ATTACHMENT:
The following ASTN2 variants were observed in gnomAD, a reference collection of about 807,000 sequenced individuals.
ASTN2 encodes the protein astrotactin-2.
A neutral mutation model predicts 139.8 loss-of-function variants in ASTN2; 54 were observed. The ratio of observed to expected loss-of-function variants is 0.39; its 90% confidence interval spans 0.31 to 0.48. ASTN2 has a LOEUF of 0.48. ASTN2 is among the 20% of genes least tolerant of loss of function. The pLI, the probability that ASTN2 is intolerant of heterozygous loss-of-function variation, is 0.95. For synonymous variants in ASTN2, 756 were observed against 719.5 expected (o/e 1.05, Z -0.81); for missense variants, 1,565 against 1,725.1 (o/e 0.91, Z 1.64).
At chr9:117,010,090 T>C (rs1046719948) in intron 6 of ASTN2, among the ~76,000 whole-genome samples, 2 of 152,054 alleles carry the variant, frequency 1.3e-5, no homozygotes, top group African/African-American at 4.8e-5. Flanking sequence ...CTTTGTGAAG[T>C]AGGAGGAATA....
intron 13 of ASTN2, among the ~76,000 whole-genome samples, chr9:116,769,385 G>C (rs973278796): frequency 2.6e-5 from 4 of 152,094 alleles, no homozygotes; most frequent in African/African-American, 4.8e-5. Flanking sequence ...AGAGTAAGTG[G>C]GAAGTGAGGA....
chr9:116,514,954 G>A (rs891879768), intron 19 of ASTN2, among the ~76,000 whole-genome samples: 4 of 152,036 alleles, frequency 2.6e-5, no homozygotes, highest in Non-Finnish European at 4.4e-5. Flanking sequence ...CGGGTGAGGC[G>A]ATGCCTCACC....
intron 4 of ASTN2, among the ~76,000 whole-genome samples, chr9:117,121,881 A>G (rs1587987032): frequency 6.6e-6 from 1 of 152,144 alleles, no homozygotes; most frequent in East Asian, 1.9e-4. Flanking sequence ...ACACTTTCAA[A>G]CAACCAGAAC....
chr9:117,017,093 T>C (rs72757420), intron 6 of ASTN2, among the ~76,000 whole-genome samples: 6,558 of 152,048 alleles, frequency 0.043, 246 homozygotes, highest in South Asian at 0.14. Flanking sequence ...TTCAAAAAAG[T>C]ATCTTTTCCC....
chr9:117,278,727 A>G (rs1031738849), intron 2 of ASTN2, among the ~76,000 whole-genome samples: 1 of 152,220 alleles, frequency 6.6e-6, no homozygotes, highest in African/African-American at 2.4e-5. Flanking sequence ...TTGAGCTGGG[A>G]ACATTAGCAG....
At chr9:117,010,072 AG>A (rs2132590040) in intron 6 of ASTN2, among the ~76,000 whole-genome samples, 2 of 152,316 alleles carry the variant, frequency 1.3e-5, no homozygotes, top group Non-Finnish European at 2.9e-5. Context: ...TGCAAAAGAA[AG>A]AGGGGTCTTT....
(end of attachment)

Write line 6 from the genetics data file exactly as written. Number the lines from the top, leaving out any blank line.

chr9:116,514,954 G>A (rs891879768), intron 19 of ASTN2, among the ~76,000 whole-genome samples: 4 of 152,036 alleles, frequency 2.6e-5, no homozygotes, highest in Non-Finnish European at 4.4e-5. Flanking sequence ...CGGGTGAGGC[G>A]ATGCCTCACC....